Grieve the Important Things, Even If They Are Only Important to You

2020 is largely a dumpster fire. There are plenty of things that I’m still grateful for – the best parents and brother, Eli, Hirt baby, Ollie, my savings account, evenings on the balcony, etc – but I really believe the year in its entirety is the root cause of my shingles. This year has robbed so many of so much. For some, it’s stolen life and left families shattered and hurting. For others, it’s stolen livelihood and health insurance and a sense of security. And for most, it’s stolen community by way of canceled social gatherings and the inability to be near many of the people we love most. I’m so thankful now to be in Portland with Eli because those first couple months of quarantine living alone on the opposite side of town from my friends were extremely lonely. And still I crave time with my loved ones, but at least we have Facetime. Not sure what I’d do without that.

With all of this loss and change, we need to allow ourselves the space to grieve. Because that’s exactly what this year requires: Grief! We’re supposed to grieve things we’ve lost. It’s okay to grieve a postponed wedding. It’s okay to grieve a canceled 30th birthday party. It’s okay to grieve the loss of social gatherings and face-to-face connection. It’s okay to grieve the loss of the life you had 3/4 months ago. One thing we should not do is throw ourselves constant pity parties or lose sight of the fact that everyone is being affected. It’s not just you. But complaining sometimes to your boyfriend or girlfriend or bff who will let you vent without judgement? Do that. Making a list of all the things you miss and that you won’t take for granted when you get it all back? Mhm, yes. Feeling sorry for yourself here and there? Do that, too. Does it seem a little superficial yet you’re still bummed about it? FINE. Feel it. Give yourself permission to grieve because once you feel empowered to feel the shitty things, you’ll feel even more empowered to feel the really good things.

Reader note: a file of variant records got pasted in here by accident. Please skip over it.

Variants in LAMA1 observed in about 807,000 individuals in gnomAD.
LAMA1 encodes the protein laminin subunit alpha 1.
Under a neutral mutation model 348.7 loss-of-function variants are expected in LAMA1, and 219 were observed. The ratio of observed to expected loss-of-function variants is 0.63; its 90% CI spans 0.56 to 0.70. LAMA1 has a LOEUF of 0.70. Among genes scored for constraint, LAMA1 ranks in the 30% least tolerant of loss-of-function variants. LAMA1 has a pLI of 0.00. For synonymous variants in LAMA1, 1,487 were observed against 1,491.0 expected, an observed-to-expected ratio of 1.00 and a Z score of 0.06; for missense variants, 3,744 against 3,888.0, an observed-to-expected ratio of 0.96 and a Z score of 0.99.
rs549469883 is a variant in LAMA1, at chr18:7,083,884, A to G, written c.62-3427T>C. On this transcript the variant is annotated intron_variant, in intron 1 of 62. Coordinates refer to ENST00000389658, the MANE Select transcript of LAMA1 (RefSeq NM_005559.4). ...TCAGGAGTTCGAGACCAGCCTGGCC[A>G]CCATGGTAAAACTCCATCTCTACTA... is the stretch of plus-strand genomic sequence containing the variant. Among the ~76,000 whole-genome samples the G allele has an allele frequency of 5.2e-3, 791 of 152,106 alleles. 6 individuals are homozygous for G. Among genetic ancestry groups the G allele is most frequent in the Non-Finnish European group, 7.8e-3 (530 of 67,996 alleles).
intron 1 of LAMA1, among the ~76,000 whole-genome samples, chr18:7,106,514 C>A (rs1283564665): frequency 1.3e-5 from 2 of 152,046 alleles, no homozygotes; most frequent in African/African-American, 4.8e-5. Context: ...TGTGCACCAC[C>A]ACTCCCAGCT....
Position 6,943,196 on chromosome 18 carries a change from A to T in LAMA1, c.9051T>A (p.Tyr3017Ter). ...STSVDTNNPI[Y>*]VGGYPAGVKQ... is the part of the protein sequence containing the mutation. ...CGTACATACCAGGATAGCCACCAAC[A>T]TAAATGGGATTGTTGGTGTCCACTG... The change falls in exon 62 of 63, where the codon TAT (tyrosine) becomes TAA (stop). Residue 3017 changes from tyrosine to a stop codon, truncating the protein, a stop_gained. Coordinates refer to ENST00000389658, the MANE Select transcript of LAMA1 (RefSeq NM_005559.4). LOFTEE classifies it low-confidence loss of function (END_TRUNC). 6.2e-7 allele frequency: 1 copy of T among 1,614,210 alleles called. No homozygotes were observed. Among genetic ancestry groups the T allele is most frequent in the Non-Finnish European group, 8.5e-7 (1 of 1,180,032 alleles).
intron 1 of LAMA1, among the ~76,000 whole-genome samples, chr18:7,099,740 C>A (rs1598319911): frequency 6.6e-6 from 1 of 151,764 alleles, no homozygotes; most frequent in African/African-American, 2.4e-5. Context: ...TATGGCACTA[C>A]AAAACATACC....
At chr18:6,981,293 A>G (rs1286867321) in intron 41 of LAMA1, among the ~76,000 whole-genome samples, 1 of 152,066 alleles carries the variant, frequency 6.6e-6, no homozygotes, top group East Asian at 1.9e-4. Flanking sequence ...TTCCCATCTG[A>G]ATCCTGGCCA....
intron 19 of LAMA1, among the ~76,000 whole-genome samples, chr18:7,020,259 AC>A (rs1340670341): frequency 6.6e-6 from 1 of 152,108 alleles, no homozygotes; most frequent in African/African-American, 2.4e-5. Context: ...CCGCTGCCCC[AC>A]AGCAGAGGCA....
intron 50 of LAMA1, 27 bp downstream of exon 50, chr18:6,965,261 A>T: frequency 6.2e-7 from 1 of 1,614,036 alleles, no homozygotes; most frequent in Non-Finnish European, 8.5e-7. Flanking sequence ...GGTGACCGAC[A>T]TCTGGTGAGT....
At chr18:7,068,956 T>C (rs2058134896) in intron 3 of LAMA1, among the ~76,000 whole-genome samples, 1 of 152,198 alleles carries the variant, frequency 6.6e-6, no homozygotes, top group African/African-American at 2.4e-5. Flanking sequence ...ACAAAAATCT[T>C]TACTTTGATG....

Before moving on, I want to make something very clear. This is specifically about grieving things we’ve lost that we will get back. This is not about grieving the death of a loved one. If you know me or have read other things I’ve written, you know that I understand the distinction. Grieving plans is not the same as grieving a person. Don’t get it twisted.

Okay, I’ll start! One thing that I’m grieving is the loss of international travel. I’ve gone to Germany almost yearly since I was born, except for a couple years when I was young and my grandparents could still fly to visit us. This is the first year in as long as I can remember that I will most likely not be going to Germany, and I’m grieving it big time. The inability to visit my 91-year-old Oma makes me so sad. She’s currently in a rehab facility after falling and breaking her arm and pelvis a couple months ago, and it sucks that I can’t go over to give her some company once she’s back home. Technically with my German passport I can go, but there are quite a few probable bad scenarios that I would rather avoid. For example, catching and giving my Oma COVID, aka my worst nightmare.